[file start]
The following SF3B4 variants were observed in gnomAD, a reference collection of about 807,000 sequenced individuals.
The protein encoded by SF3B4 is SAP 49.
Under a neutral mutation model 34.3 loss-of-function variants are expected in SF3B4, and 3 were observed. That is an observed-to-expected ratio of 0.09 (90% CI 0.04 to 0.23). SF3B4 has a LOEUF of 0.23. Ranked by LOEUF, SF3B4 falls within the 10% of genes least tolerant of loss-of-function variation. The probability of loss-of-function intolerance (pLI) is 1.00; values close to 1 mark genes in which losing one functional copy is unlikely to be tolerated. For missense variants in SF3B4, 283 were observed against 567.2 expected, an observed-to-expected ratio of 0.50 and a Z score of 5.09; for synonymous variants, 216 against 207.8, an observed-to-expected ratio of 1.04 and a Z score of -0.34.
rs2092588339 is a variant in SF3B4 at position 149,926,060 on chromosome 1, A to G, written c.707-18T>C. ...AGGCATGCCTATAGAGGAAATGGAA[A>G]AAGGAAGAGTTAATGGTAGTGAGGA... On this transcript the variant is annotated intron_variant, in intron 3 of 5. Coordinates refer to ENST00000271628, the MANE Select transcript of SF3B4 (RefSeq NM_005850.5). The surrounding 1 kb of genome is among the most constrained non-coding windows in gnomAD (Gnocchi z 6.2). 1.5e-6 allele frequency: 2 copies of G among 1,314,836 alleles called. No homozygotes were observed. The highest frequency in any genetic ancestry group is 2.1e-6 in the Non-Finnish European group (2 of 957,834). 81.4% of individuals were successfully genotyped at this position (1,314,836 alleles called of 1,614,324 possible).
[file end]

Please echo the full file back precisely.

The following SF3B4 variants were observed in gnomAD, a reference collection of about 807,000 sequenced individuals.
The protein encoded by SF3B4 is SAP 49.
Under a neutral mutation model 34.3 loss-of-function variants are expected in SF3B4, and 3 were observed. That is an observed-to-expected ratio of 0.09 (90% CI 0.04 to 0.23). SF3B4 has a LOEUF of 0.23. Ranked by LOEUF, SF3B4 falls within the 10% of genes least tolerant of loss-of-function variation. The probability of loss-of-function intolerance (pLI) is 1.00; values close to 1 mark genes in which losing one functional copy is unlikely to be tolerated. For missense variants in SF3B4, 283 were observed against 567.2 expected, an observed-to-expected ratio of 0.50 and a Z score of 5.09; for synonymous variants, 216 against 207.8, an observed-to-expected ratio of 1.04 and a Z score of -0.34.
rs2092588339 is a variant in SF3B4 at position 149,926,060 on chromosome 1, A to G, written c.707-18T>C. ...AGGCATGCCTATAGAGGAAATGGAA[A>G]AAGGAAGAGTTAATGGTAGTGAGGA... On this transcript the variant is annotated intron_variant, in intron 3 of 5. Coordinates refer to ENST00000271628, the MANE Select transcript of SF3B4 (RefSeq NM_005850.5). The surrounding 1 kb of genome is among the most constrained non-coding windows in gnomAD (Gnocchi z 6.2). 1.5e-6 allele frequency: 2 copies of G among 1,314,836 alleles called. No homozygotes were observed. The highest frequency in any genetic ancestry group is 2.1e-6 in the Non-Finnish European group (2 of 957,834). 81.4% of individuals were successfully genotyped at this position (1,314,836 alleles called of 1,614,324 possible).